Date of Award

August 2014

Degree Type


Degree Name

Doctor of Philosophy



First Advisor

Susan McRoy

Second Advisor

Hong Yu

Committee Members

Hong Yu, Susan McRoy, Christine Cheng, Rohit J. Kate, Peter J. Tonellato


Citation Network, Conditional Random Fields, Graph Analysis, Machine Learning, Protein-protein Interaction, Social Network


With the rapid development of digitalized literature, more and more knowledge has been discovered by computational approaches. This thesis addresses the problem of link prediction in co-authorship networks and protein--protein interaction networks derived from the literature. These networks (and most other types of networks) are growing over time and we assume that a machine can learn from past link creations by examining the network status at the time of their creation. Our goal is to create a computationally efficient approach to recommend new links for a node in a network (e.g., new collaborations in co-authorship networks and new interactions in protein--protein interaction networks).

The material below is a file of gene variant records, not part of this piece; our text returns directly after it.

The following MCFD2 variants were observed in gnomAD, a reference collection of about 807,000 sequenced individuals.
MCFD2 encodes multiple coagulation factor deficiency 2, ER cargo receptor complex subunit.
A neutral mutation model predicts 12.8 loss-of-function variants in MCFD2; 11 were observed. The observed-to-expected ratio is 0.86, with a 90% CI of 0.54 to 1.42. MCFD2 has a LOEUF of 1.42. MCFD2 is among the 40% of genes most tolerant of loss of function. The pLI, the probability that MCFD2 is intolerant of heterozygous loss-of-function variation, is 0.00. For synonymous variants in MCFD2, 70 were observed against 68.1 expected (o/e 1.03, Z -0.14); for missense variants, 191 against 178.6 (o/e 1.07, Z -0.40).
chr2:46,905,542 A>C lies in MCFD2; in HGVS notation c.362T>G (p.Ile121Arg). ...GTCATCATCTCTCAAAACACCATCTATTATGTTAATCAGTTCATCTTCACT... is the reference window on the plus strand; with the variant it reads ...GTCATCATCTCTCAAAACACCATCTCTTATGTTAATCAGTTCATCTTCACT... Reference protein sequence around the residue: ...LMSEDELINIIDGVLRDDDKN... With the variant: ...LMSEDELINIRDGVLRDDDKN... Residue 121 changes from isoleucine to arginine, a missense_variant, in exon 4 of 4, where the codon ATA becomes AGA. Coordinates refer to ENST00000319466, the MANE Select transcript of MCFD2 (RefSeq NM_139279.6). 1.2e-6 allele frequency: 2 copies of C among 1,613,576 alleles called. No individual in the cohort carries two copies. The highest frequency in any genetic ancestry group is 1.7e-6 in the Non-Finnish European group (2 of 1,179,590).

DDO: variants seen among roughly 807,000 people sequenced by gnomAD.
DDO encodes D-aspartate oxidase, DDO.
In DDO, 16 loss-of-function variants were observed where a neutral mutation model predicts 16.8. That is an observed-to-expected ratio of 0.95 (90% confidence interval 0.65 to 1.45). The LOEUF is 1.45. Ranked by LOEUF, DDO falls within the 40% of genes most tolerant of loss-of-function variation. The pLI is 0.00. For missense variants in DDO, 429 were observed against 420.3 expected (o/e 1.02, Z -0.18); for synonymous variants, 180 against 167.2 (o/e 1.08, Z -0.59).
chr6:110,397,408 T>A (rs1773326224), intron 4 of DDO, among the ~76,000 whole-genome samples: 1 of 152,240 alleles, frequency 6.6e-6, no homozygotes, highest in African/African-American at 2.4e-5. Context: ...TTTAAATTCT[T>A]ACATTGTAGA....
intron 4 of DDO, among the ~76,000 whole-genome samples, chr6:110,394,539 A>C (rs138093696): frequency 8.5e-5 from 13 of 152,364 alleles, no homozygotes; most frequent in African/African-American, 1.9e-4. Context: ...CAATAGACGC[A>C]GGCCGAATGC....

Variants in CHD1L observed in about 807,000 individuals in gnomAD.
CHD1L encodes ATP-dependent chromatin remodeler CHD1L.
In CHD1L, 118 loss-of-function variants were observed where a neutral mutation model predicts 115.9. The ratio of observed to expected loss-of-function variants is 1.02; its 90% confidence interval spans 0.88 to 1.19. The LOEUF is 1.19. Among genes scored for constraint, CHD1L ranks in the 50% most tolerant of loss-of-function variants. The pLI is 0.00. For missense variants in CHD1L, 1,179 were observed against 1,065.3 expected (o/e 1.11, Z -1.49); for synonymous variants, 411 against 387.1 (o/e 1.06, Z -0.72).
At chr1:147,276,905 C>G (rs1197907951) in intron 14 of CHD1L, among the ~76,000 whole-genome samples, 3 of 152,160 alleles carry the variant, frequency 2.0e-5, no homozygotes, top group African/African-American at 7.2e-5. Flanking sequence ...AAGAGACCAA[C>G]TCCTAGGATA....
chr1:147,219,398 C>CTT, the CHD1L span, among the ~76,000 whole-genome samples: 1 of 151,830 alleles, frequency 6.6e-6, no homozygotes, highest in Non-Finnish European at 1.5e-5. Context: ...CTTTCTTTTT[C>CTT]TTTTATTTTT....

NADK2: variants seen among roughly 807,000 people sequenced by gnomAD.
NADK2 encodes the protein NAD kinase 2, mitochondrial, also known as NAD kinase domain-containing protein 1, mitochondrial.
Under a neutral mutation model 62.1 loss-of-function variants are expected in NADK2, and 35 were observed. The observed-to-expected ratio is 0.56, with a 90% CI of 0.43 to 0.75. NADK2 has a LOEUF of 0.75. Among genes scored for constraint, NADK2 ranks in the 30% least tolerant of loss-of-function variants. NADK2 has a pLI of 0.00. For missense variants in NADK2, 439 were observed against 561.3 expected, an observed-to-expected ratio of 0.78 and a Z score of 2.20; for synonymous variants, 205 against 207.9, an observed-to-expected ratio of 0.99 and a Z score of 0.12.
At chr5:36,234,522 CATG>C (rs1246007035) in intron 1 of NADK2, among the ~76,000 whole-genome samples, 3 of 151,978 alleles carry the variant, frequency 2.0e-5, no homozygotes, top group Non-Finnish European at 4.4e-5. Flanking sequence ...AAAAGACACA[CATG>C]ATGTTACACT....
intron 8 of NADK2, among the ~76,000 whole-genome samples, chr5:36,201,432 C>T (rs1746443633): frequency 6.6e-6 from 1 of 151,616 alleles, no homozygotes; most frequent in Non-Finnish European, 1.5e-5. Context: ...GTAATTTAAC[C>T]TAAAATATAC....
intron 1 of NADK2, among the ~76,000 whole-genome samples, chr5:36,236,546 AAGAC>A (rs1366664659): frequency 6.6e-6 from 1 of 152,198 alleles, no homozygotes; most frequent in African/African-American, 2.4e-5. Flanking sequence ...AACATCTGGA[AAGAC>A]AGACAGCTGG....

We consider edges in a network that satisfies certain criteria as training instances for the machine learning algorithms. We analyze the neighborhood structure of each node and derive the topological features. Furthermore, each node has rich semantic information when linked to the literature and can be used to derive semantic features. Using both types of features, we train machine learning models to predict the probability of connection for the new node pairs.

We apply our idea of link prediction to two distinct networks: a co-authorship network and a protein--protein interaction network. We demonstrate that the novel features we derive from both the network topology and literature content help improve link prediction accuracy. We also analyze the factors involved in establishing a new link and recurrent connections.